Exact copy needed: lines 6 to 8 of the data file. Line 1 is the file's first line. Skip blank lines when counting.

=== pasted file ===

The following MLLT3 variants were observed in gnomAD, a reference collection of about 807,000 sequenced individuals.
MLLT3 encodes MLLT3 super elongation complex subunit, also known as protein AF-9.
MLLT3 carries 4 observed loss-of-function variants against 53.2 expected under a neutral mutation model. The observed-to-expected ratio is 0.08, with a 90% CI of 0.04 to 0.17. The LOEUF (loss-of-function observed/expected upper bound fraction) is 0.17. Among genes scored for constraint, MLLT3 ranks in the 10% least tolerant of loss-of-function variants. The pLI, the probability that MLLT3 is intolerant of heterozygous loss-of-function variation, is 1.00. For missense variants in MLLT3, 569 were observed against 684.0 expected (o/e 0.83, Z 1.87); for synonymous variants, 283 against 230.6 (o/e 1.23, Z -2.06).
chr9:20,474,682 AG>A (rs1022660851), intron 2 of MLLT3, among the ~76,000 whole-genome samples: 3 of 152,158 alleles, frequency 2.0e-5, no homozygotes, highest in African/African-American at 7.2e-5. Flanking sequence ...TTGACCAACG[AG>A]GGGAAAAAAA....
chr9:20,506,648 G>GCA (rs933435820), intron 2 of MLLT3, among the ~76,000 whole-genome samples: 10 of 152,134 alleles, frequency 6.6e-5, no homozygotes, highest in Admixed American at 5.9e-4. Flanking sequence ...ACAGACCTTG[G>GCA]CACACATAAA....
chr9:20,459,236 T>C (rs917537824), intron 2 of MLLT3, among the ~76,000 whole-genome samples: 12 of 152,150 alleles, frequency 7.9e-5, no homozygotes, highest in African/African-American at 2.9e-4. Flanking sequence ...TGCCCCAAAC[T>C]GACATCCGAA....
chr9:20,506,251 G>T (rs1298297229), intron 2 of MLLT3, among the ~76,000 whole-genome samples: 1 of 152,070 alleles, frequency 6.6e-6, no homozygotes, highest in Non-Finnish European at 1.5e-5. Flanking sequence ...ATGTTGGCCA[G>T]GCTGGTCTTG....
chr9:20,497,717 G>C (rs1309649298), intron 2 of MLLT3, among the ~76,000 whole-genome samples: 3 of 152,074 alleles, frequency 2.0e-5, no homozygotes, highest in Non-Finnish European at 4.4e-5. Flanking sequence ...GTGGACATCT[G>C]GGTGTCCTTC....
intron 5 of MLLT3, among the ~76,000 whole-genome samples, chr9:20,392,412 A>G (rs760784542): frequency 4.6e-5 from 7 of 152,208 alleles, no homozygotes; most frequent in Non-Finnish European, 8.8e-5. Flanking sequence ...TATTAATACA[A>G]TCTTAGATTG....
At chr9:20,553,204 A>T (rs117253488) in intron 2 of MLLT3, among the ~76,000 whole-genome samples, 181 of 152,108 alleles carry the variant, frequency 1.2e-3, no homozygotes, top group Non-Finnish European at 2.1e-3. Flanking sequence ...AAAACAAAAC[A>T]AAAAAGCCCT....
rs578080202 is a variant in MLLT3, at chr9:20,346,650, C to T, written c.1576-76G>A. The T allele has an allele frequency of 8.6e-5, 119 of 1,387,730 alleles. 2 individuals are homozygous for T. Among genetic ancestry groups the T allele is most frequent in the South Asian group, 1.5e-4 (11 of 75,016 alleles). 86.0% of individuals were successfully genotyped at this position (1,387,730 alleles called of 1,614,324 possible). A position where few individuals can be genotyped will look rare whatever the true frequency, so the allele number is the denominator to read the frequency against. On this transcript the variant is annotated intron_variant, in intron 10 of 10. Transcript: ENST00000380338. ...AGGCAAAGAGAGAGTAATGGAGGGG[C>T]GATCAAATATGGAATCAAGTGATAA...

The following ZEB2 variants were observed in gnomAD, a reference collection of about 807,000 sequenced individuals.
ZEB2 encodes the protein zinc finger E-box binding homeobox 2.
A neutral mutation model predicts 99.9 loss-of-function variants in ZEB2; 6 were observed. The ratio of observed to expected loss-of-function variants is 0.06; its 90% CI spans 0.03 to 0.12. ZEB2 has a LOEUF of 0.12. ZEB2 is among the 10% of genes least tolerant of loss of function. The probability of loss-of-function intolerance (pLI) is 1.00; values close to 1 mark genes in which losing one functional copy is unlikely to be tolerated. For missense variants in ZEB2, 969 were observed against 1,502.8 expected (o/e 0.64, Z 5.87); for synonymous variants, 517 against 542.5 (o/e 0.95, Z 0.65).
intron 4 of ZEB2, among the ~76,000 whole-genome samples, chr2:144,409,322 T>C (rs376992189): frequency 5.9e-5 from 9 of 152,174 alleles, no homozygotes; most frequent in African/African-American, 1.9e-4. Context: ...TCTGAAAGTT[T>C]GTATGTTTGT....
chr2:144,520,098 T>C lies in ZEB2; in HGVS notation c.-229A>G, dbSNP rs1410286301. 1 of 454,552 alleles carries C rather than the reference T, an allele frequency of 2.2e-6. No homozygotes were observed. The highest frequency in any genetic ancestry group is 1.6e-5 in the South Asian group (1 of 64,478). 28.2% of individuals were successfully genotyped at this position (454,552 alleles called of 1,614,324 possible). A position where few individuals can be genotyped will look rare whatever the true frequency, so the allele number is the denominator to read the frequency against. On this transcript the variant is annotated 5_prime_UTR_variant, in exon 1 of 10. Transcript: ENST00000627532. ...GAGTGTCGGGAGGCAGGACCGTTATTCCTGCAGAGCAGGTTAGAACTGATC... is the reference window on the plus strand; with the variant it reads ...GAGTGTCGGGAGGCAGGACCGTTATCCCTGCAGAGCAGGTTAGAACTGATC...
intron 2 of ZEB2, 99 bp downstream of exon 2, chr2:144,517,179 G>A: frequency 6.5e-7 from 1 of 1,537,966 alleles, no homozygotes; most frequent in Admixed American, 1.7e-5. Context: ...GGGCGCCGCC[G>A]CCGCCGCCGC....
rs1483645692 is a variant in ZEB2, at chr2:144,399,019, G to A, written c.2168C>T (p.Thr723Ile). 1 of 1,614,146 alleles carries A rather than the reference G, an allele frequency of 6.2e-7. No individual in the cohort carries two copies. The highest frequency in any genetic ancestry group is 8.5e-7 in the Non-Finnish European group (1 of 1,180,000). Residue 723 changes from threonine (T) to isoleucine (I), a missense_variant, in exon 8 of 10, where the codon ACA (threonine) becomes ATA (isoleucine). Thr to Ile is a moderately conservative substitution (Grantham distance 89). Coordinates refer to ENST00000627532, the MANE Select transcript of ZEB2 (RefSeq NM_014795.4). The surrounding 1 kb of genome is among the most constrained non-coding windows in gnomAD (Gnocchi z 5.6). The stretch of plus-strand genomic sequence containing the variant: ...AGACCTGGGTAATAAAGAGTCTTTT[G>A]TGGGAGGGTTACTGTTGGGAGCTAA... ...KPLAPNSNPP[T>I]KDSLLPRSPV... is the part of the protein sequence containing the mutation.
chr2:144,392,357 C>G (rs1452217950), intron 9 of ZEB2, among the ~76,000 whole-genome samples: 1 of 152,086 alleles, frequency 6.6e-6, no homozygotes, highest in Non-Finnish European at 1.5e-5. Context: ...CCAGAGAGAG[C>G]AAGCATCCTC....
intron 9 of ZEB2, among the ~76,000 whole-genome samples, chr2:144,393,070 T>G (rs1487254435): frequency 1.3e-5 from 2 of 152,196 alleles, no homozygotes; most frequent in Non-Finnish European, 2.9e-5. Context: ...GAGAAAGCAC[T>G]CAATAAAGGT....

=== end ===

chr9:20,459,236 T>C (rs917537824), intron 2 of MLLT3, among the ~76,000 whole-genome samples: 12 of 152,150 alleles, frequency 7.9e-5, no homozygotes, highest in African/African-American at 2.9e-4. Flanking sequence ...TGCCCCAAAC[T>C]GACATCCGAA....
chr9:20,506,251 G>T (rs1298297229), intron 2 of MLLT3, among the ~76,000 whole-genome samples: 1 of 152,070 alleles, frequency 6.6e-6, no homozygotes, highest in Non-Finnish European at 1.5e-5. Flanking sequence ...ATGTTGGCCA[G>T]GCTGGTCTTG....
chr9:20,497,717 G>C (rs1309649298), intron 2 of MLLT3, among the ~76,000 whole-genome samples: 3 of 152,074 alleles, frequency 2.0e-5, no homozygotes, highest in Non-Finnish European at 4.4e-5. Flanking sequence ...GTGGACATCT[G>C]GGTGTCCTTC....